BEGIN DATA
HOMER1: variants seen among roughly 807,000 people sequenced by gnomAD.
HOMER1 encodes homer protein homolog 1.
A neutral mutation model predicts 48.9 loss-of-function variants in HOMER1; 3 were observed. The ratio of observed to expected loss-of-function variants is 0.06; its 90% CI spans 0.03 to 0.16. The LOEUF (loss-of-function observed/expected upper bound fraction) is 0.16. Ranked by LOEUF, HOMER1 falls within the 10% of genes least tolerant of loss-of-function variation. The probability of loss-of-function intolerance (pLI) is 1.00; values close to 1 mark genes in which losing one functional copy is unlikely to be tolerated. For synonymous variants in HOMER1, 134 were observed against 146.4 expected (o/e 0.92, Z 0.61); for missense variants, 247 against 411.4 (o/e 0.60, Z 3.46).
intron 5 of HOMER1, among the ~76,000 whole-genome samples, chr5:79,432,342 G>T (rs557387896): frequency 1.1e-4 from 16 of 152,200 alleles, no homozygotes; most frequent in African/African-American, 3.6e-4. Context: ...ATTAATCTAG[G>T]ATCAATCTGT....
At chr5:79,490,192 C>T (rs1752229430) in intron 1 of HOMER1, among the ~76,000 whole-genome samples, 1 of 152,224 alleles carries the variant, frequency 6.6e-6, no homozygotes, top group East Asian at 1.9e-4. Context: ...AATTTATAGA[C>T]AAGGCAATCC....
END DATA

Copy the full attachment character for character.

HOMER1: variants seen among roughly 807,000 people sequenced by gnomAD.
HOMER1 encodes homer protein homolog 1.
A neutral mutation model predicts 48.9 loss-of-function variants in HOMER1; 3 were observed. The ratio of observed to expected loss-of-function variants is 0.06; its 90% CI spans 0.03 to 0.16. The LOEUF (loss-of-function observed/expected upper bound fraction) is 0.16. Ranked by LOEUF, HOMER1 falls within the 10% of genes least tolerant of loss-of-function variation. The probability of loss-of-function intolerance (pLI) is 1.00; values close to 1 mark genes in which losing one functional copy is unlikely to be tolerated. For synonymous variants in HOMER1, 134 were observed against 146.4 expected (o/e 0.92, Z 0.61); for missense variants, 247 against 411.4 (o/e 0.60, Z 3.46).
intron 5 of HOMER1, among the ~76,000 whole-genome samples, chr5:79,432,342 G>T (rs557387896): frequency 1.1e-4 from 16 of 152,200 alleles, no homozygotes; most frequent in African/African-American, 3.6e-4. Context: ...ATTAATCTAG[G>T]ATCAATCTGT....
At chr5:79,490,192 C>T (rs1752229430) in intron 1 of HOMER1, among the ~76,000 whole-genome samples, 1 of 152,224 alleles carries the variant, frequency 6.6e-6, no homozygotes, top group East Asian at 1.9e-4. Context: ...AATTTATAGA[C>T]AAGGCAATCC....